Lore Elizabeth Lee, a clinical epidemiologist at the Oregon Public Health Division, discusses sapovirus outbreaks, testing, and treatment. Created: 6/21/2012 by National Center for Emerging and Zoonotic Infectious Diseases (NCEZID).
Date Released: 6/21/2012. Series Name: Emerging Infectious Diseases.
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[Maureen Marshall] Hi, I’m Maureen Marshall, and today I’m speaking with Lore Elizabeth Lee, clinical epidemiologist at the Oregon Public Health Division. Our conversation is based on her study about sapovirus outbreaks in long-term care facilities, which appears in CDC’s journal, Emerging Infectious Diseases. Welcome, Lore.
[Lore Lee] Hi.
[Maureen Marshall] Lore, when you began your investigation, what were you looking for?
[Lore Lee] We had a group of gastroenteritis outbreaks from a variety of settings and we didn’t know what caused them. So we undertook our study to identify the agents that caused these outbreaks.
[Maureen Marshall] And what did you find?
[Lore Lee] We discovered that sapovirus caused 23 percent of these outbreaks and that sapovirus infection could also occur along with enteric adenoviruses and norovirus infections.
[Maureen Marshall] Was this a surprise?
[Lore Lee] Yes. We are always surprised--and delighted--to find the cause of an outbreak.
[Maureen Marshall] What time period were you looking at and why did you choose this timeframe?
[Lore Lee] We studied outbreaks that occurred from 2002 through 2009 because we still had stool specimens that were collected while these outbreaks were being investigated.
[Maureen Marshall] What are noro and sapoviruses?
[Lore Lee] Norovirus and sapovirus are both members of the virus family Caliciviridae. They are highly infectious and easy to spread in settings where people have close contact with each other-- schools, child care centers, long-term care facilities. They cause vomiting and diarrhea that lasts from two to three days, but usually not fevers, and leaves their victims feeling ill for several days after the vomiting and diarrhea stop.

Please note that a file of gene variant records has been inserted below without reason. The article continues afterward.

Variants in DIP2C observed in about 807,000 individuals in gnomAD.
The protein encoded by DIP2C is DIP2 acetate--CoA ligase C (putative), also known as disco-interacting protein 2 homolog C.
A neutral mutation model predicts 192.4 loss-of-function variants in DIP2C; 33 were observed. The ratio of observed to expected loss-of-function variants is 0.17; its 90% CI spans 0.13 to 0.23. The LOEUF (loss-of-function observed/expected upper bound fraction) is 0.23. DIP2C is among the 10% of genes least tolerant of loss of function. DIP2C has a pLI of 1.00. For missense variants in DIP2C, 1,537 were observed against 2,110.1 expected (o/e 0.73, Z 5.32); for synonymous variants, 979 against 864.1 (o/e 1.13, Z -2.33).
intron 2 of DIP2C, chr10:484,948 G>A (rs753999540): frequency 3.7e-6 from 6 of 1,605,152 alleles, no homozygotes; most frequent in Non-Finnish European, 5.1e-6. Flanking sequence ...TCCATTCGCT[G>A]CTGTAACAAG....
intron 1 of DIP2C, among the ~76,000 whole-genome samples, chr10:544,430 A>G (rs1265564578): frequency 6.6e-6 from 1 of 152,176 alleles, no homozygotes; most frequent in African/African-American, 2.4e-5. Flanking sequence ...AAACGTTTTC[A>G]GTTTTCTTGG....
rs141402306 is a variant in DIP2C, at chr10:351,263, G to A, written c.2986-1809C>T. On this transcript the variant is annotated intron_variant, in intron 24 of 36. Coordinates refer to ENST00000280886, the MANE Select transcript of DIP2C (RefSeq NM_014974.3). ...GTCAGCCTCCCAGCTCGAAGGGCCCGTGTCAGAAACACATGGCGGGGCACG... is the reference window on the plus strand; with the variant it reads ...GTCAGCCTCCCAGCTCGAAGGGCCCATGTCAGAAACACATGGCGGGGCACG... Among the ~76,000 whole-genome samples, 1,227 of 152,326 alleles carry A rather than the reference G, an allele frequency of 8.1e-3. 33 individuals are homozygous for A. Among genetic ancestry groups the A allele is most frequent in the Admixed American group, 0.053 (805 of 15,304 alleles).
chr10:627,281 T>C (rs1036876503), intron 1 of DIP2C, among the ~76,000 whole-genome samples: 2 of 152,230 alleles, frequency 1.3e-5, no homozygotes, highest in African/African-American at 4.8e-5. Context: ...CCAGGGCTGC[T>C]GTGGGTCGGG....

[Maureen Marshall] We hear a lot about norovirus but not about sapovirus. Why is that?
[Lore Lee] Advanced tests for norovirus have been available for a long time. An advanced test for sapovirus has only been available since 2006 and we’ve just started to look for sapovirus.
[Maureen Marshall] Is there an easy way for health care providers to tell the difference between them?
[Lore Lee] No. The clinical symptoms produced by these viruses make them close enough to be indistinguishable without testing.
[Maureen Marshall] Is this an infection that only affects older people who live in care facilities?
[Lore Lee] No, this infection affects people of all ages. We found high rates of sapovirus infection among older people who live in care facilities because gastroenteritis outbreaks in health care facilities are reportable to public health authorities and we were, therefore, more likely to test such people.
[Maureen Marshall] Is sapovirus becoming more prevalent?
[Lore Lee] It is difficult to say whether sapovirus is actually occurring more often or whether we’re finding it more often because we are now looking for it. Before this determination can be made, routine laboratory testing for both sapovirus and norovirus needs to be carried out for several years. This will establish the baseline level of occurrence against which changes can be compared.
[Maureen Marshall] Are the treatments different for noro and sapovirus and if not, does it really matter which virus a person has?
[Lore Lee] Because both viruses cause severe vomiting and diarrhea, treatments are aimed at preventing dehydration and treating it if it does occur. At the individual patient level, it doesn’t matter which virus a person has.
[Maureen Marshall] Are there any ways to prevent the spread of sapovirus?
[Lore Lee] Individuals with sapovirus symptoms can prevent spread to others by scrupulous personal hygiene and by remaining apart from others while having vomiting and diarrhea, by staying home from work, for example. Hospital and long-term care facility patients with sapovirus symptoms should be placed in contact isolation.
[Maureen Marshall] Thank you, Lore. I’ve been talking to Lore Elizabeth Lee about her study, Sapovirus Outbreaks in Long-Term Care Facilities, Oregon and Minnesota, USA, 2002–2009, which appears in the May 2012 issue of CDC’s journal, Emerging Infectious Diseases. You can see the entire article online at www.cdc.gov/eid.
If you’d like to comment on this podcast, send an email to email@example.com. I’m Maureen Marshall, for Emerging Infectious Diseases.
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